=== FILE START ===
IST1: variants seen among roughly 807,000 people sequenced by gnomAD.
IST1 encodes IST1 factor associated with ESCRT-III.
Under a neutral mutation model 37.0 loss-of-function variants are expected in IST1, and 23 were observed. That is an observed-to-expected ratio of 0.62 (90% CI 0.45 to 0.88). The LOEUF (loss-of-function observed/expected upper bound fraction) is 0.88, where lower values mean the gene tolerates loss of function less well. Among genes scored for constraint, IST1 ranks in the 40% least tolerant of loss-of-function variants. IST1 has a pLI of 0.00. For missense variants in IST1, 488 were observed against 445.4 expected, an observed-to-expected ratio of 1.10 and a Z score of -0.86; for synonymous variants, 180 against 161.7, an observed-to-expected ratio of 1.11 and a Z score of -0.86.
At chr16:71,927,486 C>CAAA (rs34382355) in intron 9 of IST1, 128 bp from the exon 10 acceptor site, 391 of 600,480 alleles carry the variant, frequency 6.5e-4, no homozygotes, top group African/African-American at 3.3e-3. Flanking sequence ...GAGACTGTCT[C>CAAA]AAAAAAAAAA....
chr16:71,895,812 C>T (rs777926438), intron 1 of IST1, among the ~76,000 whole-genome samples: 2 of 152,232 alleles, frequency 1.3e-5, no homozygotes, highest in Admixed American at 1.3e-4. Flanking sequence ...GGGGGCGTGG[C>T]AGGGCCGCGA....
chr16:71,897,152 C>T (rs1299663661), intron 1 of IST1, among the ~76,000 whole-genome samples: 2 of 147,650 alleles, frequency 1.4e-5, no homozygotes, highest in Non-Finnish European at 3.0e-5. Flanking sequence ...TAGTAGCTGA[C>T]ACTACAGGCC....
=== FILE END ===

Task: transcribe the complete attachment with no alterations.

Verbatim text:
IST1: variants seen among roughly 807,000 people sequenced by gnomAD.
IST1 encodes IST1 factor associated with ESCRT-III.
Under a neutral mutation model 37.0 loss-of-function variants are expected in IST1, and 23 were observed. That is an observed-to-expected ratio of 0.62 (90% CI 0.45 to 0.88). The LOEUF (loss-of-function observed/expected upper bound fraction) is 0.88, where lower values mean the gene tolerates loss of function less well. Among genes scored for constraint, IST1 ranks in the 40% least tolerant of loss-of-function variants. IST1 has a pLI of 0.00. For missense variants in IST1, 488 were observed against 445.4 expected, an observed-to-expected ratio of 1.10 and a Z score of -0.86; for synonymous variants, 180 against 161.7, an observed-to-expected ratio of 1.11 and a Z score of -0.86.
At chr16:71,927,486 C>CAAA (rs34382355) in intron 9 of IST1, 128 bp from the exon 10 acceptor site, 391 of 600,480 alleles carry the variant, frequency 6.5e-4, no homozygotes, top group African/African-American at 3.3e-3. Flanking sequence ...GAGACTGTCT[C>CAAA]AAAAAAAAAA....
chr16:71,895,812 C>T (rs777926438), intron 1 of IST1, among the ~76,000 whole-genome samples: 2 of 152,232 alleles, frequency 1.3e-5, no homozygotes, highest in Admixed American at 1.3e-4. Flanking sequence ...GGGGGCGTGG[C>T]AGGGCCGCGA....
chr16:71,897,152 C>T (rs1299663661), intron 1 of IST1, among the ~76,000 whole-genome samples: 2 of 147,650 alleles, frequency 1.4e-5, no homozygotes, highest in Non-Finnish European at 3.0e-5. Flanking sequence ...TAGTAGCTGA[C>T]ACTACAGGCC....